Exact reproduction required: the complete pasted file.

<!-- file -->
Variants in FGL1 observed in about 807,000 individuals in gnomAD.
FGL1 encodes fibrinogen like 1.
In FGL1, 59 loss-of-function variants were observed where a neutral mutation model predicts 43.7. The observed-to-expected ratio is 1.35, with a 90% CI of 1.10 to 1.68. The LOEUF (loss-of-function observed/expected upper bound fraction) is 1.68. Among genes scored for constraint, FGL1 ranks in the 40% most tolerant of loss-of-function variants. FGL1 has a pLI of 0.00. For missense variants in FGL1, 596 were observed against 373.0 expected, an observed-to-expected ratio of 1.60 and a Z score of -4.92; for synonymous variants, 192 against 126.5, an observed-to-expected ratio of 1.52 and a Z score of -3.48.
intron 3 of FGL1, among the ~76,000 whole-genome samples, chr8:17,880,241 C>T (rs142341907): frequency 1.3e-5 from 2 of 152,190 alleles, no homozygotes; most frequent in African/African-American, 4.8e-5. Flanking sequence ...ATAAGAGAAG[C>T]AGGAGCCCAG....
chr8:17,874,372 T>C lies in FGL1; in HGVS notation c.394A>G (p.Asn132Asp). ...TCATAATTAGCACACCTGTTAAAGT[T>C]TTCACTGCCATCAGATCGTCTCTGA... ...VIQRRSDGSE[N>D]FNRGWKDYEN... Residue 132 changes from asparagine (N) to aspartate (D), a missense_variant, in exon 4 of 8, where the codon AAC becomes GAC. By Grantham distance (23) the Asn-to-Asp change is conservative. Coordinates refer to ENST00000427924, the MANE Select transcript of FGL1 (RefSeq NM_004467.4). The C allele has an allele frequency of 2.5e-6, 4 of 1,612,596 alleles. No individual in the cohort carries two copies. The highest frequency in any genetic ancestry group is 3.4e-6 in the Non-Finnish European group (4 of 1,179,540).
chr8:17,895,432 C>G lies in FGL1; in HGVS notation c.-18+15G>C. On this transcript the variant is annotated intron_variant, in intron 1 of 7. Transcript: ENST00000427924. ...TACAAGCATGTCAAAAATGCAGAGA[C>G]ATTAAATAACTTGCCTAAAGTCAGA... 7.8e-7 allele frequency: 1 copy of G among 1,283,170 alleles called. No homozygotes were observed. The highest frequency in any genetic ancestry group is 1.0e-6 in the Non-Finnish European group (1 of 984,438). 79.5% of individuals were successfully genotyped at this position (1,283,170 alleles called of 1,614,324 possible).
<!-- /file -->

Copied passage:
Variants in FGL1 observed in about 807,000 individuals in gnomAD.
FGL1 encodes fibrinogen like 1.
In FGL1, 59 loss-of-function variants were observed where a neutral mutation model predicts 43.7. The observed-to-expected ratio is 1.35, with a 90% CI of 1.10 to 1.68. The LOEUF (loss-of-function observed/expected upper bound fraction) is 1.68. Among genes scored for constraint, FGL1 ranks in the 40% most tolerant of loss-of-function variants. FGL1 has a pLI of 0.00. For missense variants in FGL1, 596 were observed against 373.0 expected, an observed-to-expected ratio of 1.60 and a Z score of -4.92; for synonymous variants, 192 against 126.5, an observed-to-expected ratio of 1.52 and a Z score of -3.48.
intron 3 of FGL1, among the ~76,000 whole-genome samples, chr8:17,880,241 C>T (rs142341907): frequency 1.3e-5 from 2 of 152,190 alleles, no homozygotes; most frequent in African/African-American, 4.8e-5. Flanking sequence ...ATAAGAGAAG[C>T]AGGAGCCCAG....
chr8:17,874,372 T>C lies in FGL1; in HGVS notation c.394A>G (p.Asn132Asp). ...TCATAATTAGCACACCTGTTAAAGT[T>C]TTCACTGCCATCAGATCGTCTCTGA... ...VIQRRSDGSE[N>D]FNRGWKDYEN... Residue 132 changes from asparagine (N) to aspartate (D), a missense_variant, in exon 4 of 8, where the codon AAC becomes GAC. By Grantham distance (23) the Asn-to-Asp change is conservative. Coordinates refer to ENST00000427924, the MANE Select transcript of FGL1 (RefSeq NM_004467.4). The C allele has an allele frequency of 2.5e-6, 4 of 1,612,596 alleles. No individual in the cohort carries two copies. The highest frequency in any genetic ancestry group is 3.4e-6 in the Non-Finnish European group (4 of 1,179,540).
chr8:17,895,432 C>G lies in FGL1; in HGVS notation c.-18+15G>C. On this transcript the variant is annotated intron_variant, in intron 1 of 7. Transcript: ENST00000427924. ...TACAAGCATGTCAAAAATGCAGAGA[C>G]ATTAAATAACTTGCCTAAAGTCAGA... 7.8e-7 allele frequency: 1 copy of G among 1,283,170 alleles called. No homozygotes were observed. The highest frequency in any genetic ancestry group is 1.0e-6 in the Non-Finnish European group (1 of 984,438). 79.5% of individuals were successfully genotyped at this position (1,283,170 alleles called of 1,614,324 possible).